DX Vs FX Lens Sharpeness

ntz

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Hello,

why is talked so much that using FX lens on DX body will bring issues, for example with sharpeness - eg that DX lenses are sharper (and made to be sharper) than FX lenses ? I am living all my life in the impression, that this topic is absolute nonsense. There are prominent speakers that repeatedly mention (for example controversial Northrup photo-family on youtube) that using FX lenses on DX bodies actually brings more disadvantages in the IQ than using DX lenses on DX bodies ..

Could somebody please share his/her thoughts over this ?

thank you and regarads, ~dan

ps. I've been asked by my other nephew, I've initially told him that it's nonsense that DX lenses are specifically build for DX bodies in the meaning of sharpness, he shown me later several videos from youtube where some people discuss that matter claiming that DX lenses perform better than FX lenses on DX bodies
 
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ntz

ntz

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You've got it backwards. FX lenses are (in general) sharper than a DX lens on a DX body as you're only utilizing the 'best' center part of the image circle.
yeah, I know this ... this is what I've initially told to my nephew ...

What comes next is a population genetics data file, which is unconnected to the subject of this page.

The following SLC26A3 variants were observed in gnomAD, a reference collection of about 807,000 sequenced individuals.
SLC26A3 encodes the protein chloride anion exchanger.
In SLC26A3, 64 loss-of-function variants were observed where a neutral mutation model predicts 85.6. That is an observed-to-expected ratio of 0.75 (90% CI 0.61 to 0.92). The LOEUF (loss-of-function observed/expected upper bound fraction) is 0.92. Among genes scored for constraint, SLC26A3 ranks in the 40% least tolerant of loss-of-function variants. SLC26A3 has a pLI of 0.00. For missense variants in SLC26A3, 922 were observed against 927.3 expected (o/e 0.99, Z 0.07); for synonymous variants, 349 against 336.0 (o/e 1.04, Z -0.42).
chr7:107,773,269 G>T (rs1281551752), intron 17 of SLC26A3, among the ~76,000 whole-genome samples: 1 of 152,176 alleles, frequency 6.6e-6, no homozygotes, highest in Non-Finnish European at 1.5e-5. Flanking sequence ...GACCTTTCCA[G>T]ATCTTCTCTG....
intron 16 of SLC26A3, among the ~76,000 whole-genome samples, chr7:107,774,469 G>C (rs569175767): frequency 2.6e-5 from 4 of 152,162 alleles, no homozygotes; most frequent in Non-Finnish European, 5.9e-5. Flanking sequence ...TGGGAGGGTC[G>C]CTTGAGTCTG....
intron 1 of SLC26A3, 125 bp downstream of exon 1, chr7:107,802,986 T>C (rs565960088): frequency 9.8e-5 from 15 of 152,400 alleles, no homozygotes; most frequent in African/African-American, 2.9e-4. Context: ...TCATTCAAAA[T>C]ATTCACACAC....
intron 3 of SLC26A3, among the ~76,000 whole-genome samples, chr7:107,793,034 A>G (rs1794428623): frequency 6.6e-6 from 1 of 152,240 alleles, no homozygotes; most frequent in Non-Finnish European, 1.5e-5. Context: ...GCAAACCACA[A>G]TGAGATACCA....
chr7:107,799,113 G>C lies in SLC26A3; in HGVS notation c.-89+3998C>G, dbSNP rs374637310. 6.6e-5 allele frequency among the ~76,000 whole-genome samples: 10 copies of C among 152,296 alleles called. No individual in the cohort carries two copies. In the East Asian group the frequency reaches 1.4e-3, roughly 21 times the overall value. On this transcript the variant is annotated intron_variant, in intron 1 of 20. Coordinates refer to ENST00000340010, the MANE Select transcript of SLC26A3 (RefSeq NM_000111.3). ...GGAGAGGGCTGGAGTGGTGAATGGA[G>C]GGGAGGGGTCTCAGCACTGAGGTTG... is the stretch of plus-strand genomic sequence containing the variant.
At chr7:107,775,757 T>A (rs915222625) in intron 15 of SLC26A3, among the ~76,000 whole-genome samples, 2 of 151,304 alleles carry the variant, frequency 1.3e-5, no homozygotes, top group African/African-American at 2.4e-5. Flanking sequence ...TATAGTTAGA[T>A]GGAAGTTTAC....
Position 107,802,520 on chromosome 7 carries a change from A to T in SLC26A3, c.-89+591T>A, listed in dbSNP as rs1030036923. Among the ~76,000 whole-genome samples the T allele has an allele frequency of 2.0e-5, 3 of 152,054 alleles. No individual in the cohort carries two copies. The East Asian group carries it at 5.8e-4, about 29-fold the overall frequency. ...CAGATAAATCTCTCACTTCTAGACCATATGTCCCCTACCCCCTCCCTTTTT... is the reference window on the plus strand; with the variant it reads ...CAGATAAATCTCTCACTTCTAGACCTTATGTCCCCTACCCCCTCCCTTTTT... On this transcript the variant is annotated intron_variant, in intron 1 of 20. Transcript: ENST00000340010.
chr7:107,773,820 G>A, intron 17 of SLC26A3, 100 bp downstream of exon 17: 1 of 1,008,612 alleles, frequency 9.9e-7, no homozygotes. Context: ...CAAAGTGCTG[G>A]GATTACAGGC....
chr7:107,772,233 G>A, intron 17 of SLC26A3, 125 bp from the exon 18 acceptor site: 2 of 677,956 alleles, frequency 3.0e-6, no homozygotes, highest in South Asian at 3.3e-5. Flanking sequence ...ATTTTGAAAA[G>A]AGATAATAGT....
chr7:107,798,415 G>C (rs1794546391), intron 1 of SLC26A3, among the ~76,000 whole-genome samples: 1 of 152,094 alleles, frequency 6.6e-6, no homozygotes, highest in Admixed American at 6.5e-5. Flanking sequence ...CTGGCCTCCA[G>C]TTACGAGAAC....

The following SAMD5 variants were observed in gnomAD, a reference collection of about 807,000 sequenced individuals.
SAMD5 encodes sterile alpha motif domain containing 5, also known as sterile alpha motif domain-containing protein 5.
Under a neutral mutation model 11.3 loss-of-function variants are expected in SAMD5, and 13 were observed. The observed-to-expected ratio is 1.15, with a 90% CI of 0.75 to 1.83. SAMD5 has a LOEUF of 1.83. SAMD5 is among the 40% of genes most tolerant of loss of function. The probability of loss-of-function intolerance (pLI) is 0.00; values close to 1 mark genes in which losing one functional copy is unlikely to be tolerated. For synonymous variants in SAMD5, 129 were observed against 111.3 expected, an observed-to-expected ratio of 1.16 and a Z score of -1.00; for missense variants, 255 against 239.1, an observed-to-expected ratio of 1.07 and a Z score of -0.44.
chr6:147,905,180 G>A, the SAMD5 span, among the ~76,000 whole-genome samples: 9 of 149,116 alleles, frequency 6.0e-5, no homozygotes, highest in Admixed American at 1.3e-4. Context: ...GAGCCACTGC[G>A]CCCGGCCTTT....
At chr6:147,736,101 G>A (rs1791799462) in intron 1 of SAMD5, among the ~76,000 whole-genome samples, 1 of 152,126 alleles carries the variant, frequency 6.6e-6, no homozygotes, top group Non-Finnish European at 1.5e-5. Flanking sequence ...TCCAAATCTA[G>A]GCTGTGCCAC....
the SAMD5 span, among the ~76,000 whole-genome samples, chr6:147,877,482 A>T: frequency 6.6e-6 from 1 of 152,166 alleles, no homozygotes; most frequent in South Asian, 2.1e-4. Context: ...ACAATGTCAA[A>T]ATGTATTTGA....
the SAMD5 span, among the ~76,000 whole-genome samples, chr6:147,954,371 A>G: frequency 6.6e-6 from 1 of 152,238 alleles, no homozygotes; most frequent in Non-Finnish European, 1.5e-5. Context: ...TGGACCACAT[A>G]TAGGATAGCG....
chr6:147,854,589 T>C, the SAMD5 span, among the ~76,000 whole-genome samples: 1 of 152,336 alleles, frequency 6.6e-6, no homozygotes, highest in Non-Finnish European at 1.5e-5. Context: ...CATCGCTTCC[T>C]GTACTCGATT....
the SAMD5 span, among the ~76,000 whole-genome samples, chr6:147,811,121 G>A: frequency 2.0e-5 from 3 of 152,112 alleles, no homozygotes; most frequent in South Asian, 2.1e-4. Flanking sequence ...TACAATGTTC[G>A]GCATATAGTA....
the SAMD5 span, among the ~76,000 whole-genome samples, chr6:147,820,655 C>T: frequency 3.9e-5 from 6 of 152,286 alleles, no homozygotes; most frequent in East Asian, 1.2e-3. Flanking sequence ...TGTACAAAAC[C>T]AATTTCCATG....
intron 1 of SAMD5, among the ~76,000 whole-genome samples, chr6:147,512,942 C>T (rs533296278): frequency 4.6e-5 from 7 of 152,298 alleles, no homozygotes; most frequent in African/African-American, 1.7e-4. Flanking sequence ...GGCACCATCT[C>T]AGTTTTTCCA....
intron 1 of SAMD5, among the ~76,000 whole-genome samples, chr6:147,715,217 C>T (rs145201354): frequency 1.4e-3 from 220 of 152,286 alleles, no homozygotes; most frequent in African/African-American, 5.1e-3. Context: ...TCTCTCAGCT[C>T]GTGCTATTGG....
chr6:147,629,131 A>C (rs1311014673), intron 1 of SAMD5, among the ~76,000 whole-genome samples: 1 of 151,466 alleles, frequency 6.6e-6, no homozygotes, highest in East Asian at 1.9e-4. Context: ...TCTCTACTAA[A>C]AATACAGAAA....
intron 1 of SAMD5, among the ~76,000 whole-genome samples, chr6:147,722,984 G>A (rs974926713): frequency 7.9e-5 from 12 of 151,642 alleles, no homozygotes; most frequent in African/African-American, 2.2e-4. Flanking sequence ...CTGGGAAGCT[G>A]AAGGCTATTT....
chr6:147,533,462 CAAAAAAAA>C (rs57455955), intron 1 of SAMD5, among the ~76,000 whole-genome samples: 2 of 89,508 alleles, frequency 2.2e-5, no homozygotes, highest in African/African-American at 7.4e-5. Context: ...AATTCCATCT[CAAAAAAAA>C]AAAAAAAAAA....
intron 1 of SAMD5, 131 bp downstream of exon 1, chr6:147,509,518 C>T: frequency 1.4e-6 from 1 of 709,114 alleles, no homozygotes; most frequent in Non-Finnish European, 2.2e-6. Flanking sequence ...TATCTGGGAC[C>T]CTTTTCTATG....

problem here is, that obviously there is a lot of confusion about this matter and surprisingly this matter is often discussed over and over .. I don't want to put a links here to youtube, but there are a lot of videos with vlogs, where there are people seriously discussing that ..

some of them claim, that DX lenses are built optimized for to be used on DX sensors with high density of smaller pixels .. My technical knowledge in the area of optics and coating and glasses is limited, but my nephew asked me - what then means, that some glasses are not optimized on high megapixels count cameras and *if* it has something do with this ... personally I do not understand what specifically must have the glass to employ the support of high megapixels chips better than other glass, but he's implying, that DX glasses are made with this "feature" implicitly (because of smaller chips with higher density of smaller pixels) which sounds weird to me ...
 
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480sparky

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DX lenses are designed to sufficiently cover the smaller sensor size. I'd like to know what is done to 'optimize' it for sharpness for sensor pixels with a higher density. If there really is something, then manufacturers would incorporate that same technology into FX lenses and really make them astounding.